Study Shows Weight Loss From Calorie Reduction Not Low Fat or Low Carb

Posted on March 3, 2009  Comments (8)

A Randomized Trial Comparing Low-Fat and Low-Carbohydrate Diets Matched for Energy and Protein

The preliminary results presented in this paper are for the first four of six postmenopausal overweight or obese participants who followed, in random order, both a VLC [very-low-carbohydrate] and an LF [low-fat] diet for 6 weeks. Other outcome measures were serum lipids, glucose, and insulin, as well as dietary compliance and side effects. Our results showed no significant weight loss, lipid, serum insulin, or glucose differences between the two diets. Lipids were dramatically reduced on both diets, with a trend for greater triglyceride reduction on the VLC diet. Glucose levels were also reduced on both diets, with a trend for insulin reduction on the VLC diet. Compliance was excellent with both diets, and side effects were mild

Essentially the study showed that the calories had an impact on weight loss but the makeup of those calories did not. Don’t forget this is just one study. Listen to interview with the Author, Frank Sacks, on Science Friday on NPR.

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8 Responses to “Study Shows Weight Loss From Calorie Reduction Not Low Fat or Low Carb”

  1. Keith M. Hyde
    June 22nd, 2009 @ 1:43 am

    It is known that when people eat low carbohydrate diets, within a relatively short time their body has to switch from using glucose as a fuel to using something different called ketone bodies. Ketone bodies are appetite-suppressing and they may have an effect on the appetite centres in the brain. It’s also well known that protein itself is very good at making people feel full-up.

  2. Dave
    June 30th, 2009 @ 2:36 am

    A Low-Protein Diets Suppresses Serum Insulin, thus reduces body mass. Although other studies in this area have found breakthroughs in Breat Cancer treatment also!

  3. Dhruv
    July 30th, 2009 @ 8:55 am

    Both the diets might show a similar weight loss. But what is important to note is where this weight loss came from. A lower carb, higher protein-fat diet will promote muscle preservation (assuming the dieters were not working out), much more than the low fat diet. Also, its important to note where the carb calories came from.. it can totally affect weight, depending on the glycemic index of the foods.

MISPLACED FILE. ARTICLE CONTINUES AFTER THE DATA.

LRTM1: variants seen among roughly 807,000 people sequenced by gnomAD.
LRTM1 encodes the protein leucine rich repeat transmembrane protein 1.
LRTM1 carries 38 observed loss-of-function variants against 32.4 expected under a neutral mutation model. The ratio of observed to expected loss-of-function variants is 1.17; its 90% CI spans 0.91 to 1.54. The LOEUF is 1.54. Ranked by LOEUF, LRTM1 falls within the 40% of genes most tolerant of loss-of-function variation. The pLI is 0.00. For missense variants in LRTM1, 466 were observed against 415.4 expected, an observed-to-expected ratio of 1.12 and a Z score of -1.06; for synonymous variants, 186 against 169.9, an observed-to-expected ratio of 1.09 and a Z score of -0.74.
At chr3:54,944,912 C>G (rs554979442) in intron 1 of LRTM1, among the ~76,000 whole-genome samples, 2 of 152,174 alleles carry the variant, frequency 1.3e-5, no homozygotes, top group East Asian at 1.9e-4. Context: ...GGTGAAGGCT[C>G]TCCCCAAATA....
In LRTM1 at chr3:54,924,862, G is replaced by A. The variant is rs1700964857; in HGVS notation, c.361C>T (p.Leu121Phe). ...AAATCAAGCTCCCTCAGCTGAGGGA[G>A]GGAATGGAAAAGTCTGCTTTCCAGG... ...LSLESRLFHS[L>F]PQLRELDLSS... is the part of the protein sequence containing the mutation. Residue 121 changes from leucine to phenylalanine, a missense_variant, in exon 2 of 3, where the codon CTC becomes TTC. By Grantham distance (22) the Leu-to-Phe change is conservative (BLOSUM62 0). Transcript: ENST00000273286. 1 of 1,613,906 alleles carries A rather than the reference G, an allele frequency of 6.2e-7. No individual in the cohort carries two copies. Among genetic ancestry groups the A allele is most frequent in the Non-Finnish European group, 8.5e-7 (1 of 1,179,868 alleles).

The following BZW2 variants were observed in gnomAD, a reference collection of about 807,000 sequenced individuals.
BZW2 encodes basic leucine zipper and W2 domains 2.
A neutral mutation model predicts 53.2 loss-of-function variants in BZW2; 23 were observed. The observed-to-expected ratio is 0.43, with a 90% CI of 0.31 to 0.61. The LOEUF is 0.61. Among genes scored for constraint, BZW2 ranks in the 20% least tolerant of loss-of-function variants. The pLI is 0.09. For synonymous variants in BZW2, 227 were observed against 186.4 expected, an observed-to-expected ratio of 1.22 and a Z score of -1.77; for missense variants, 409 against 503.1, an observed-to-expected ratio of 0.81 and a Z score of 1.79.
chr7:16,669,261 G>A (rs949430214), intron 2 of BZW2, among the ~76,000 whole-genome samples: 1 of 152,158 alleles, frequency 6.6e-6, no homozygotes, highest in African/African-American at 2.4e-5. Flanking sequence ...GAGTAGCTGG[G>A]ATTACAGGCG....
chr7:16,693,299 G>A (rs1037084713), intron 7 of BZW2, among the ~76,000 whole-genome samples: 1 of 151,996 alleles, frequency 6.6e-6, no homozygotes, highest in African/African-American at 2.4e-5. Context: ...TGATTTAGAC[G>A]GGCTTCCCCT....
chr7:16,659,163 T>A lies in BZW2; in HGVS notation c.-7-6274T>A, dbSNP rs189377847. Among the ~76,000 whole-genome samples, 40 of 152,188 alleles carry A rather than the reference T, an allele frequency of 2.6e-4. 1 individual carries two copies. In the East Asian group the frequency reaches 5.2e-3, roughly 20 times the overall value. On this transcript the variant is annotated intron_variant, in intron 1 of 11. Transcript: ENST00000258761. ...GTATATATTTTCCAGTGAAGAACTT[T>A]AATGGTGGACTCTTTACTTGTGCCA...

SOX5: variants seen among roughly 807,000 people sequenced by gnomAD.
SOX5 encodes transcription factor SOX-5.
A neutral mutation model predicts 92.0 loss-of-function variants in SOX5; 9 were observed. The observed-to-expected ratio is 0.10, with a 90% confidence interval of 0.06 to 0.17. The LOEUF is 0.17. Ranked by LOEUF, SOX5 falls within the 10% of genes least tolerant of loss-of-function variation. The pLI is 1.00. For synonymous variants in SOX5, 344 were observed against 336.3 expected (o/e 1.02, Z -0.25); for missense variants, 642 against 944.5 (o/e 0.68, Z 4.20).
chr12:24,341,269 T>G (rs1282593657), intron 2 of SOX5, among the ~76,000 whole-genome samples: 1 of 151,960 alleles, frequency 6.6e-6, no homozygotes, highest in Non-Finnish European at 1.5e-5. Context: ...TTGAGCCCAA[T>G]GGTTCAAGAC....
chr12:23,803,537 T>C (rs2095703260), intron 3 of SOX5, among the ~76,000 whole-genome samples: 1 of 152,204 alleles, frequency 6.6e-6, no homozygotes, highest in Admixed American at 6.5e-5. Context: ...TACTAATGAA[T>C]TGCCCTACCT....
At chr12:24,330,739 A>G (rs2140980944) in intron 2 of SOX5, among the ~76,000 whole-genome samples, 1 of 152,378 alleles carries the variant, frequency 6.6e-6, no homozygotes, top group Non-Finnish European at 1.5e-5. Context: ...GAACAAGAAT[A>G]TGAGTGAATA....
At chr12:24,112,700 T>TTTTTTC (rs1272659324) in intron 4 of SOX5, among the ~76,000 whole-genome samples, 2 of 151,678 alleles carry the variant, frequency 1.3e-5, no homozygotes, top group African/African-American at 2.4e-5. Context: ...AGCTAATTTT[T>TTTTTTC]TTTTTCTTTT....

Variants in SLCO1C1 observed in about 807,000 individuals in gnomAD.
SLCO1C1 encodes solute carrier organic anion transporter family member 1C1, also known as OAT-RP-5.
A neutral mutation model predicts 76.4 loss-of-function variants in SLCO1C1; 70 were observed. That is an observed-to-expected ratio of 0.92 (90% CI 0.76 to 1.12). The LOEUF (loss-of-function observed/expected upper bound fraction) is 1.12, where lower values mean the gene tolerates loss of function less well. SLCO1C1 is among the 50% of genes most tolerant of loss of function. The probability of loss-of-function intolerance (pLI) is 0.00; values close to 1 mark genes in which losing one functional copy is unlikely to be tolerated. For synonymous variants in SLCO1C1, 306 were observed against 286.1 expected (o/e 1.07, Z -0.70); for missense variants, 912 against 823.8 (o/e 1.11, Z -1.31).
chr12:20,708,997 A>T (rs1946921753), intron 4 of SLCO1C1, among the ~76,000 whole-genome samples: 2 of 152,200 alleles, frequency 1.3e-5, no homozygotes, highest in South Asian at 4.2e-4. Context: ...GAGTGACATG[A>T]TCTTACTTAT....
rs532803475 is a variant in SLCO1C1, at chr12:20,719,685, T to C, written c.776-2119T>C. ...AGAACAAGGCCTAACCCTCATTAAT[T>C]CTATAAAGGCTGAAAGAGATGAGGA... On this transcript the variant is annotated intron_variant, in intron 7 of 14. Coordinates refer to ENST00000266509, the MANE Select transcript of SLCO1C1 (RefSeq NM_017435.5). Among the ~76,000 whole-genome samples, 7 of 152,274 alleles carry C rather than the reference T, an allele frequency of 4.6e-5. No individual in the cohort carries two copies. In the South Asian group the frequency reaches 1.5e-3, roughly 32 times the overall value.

4. Anonymous
    August 12th, 2009 @ 2:23 pm

    It’s a very simple equation at the end of the day: you have to consume less calories then your body burns. The rest is not important, even though i believe that it’s best to keep a balanced which isn’t low on carbs/proteins/fat.

  5. pepper
    September 2nd, 2009 @ 4:42 pm

    Very interesting. With so much talk about eating low carb, no carb or a healthy balance of carbs and proteins these days, its refreshing to hear that possible the macro nutrients do not matter so much.

  6. adel
    June 10th, 2011 @ 10:41 pm

    Worse than just adding calories, is adding highly glycemic calories. These are ones from rapidly absorbed sugars that cause a sudden rise in blood sugar, triggering a rapid increase in insulin production to convert excess glucose to fat. Do this repeatedly and you are storing gradually more and more fat and increasing your weight.

    Highly glycemic foods are things like cakes, biscuits, candy bars, dried fruits, fruit juices, and many manufactured snacks

  7. Michael
    June 22nd, 2011 @ 6:15 pm

    Interesting post. What matters in the end is that the diet you choose is something you can sustain over the long term, creating a healthier lifestyle. Adel, your caution against the highly glycemic foods is spot on.

  8. How Corn Syrup Might Be Making Us Fat » Curious Cat Science and Engineering Blog
    January 3rd, 2013 @ 4:39 am

    [...] of the science indicates calories consumed is by far the dominant factor in weight gain. Different foods with the same calories can affect how hungry you feel. Thus the biggest factor in [...]

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